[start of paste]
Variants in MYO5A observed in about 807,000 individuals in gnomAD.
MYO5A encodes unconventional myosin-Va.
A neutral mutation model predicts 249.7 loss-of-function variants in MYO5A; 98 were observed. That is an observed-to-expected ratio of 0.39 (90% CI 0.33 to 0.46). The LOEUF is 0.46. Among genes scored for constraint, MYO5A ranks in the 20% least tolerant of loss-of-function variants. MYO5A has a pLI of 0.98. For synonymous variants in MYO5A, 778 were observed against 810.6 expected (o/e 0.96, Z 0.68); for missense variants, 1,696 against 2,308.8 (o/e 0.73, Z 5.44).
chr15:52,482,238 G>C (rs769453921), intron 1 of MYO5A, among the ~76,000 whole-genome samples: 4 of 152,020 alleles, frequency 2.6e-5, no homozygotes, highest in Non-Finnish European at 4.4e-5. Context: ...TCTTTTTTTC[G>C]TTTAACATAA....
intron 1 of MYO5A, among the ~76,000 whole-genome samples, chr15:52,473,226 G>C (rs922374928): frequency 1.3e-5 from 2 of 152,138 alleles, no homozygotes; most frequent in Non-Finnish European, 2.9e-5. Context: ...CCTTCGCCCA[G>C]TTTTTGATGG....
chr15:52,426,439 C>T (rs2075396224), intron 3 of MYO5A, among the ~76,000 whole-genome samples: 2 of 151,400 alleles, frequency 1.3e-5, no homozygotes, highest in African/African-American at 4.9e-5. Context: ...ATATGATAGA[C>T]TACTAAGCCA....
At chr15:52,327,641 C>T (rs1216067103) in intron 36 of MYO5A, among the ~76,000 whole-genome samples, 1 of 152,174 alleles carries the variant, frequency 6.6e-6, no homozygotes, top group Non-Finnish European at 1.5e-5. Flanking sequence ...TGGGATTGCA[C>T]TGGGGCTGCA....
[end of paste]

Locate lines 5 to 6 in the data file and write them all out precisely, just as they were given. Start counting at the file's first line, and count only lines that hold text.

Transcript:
intron 1 of MYO5A, among the ~76,000 whole-genome samples, chr15:52,473,226 G>C (rs922374928): frequency 1.3e-5 from 2 of 152,138 alleles, no homozygotes; most frequent in Non-Finnish European, 2.9e-5. Context: ...CCTTCGCCCA[G>C]TTTTTGATGG....
chr15:52,426,439 C>T (rs2075396224), intron 3 of MYO5A, among the ~76,000 whole-genome samples: 2 of 151,400 alleles, frequency 1.3e-5, no homozygotes, highest in African/African-American at 4.9e-5. Context: ...ATATGATAGA[C>T]TACTAAGCCA....